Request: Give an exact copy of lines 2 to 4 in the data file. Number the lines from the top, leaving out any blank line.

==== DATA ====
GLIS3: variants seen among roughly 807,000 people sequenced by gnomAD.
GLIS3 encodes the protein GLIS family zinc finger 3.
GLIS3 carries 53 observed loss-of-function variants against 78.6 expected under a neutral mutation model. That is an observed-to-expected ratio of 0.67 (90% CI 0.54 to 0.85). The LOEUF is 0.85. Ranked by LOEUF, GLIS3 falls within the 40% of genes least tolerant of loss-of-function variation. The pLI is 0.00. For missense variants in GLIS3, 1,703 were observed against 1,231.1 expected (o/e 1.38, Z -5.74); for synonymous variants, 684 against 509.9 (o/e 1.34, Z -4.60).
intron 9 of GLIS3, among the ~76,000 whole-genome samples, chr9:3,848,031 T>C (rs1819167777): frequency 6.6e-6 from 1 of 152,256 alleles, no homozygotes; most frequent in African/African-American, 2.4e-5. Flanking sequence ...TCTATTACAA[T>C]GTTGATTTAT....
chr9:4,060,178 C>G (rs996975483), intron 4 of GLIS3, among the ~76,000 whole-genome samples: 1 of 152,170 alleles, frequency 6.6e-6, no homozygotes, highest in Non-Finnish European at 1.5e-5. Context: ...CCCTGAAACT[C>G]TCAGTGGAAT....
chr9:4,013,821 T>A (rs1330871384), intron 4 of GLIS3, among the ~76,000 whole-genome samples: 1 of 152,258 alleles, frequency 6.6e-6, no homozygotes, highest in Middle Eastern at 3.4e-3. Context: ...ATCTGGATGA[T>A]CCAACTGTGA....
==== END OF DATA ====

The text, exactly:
GLIS3 encodes the protein GLIS family zinc finger 3.
GLIS3 carries 53 observed loss-of-function variants against 78.6 expected under a neutral mutation model. That is an observed-to-expected ratio of 0.67 (90% CI 0.54 to 0.85). The LOEUF is 0.85. Ranked by LOEUF, GLIS3 falls within the 40% of genes least tolerant of loss-of-function variation. The pLI is 0.00. For missense variants in GLIS3, 1,703 were observed against 1,231.1 expected (o/e 1.38, Z -5.74); for synonymous variants, 684 against 509.9 (o/e 1.34, Z -4.60).
intron 9 of GLIS3, among the ~76,000 whole-genome samples, chr9:3,848,031 T>C (rs1819167777): frequency 6.6e-6 from 1 of 152,256 alleles, no homozygotes; most frequent in African/African-American, 2.4e-5. Flanking sequence ...TCTATTACAA[T>C]GTTGATTTAT....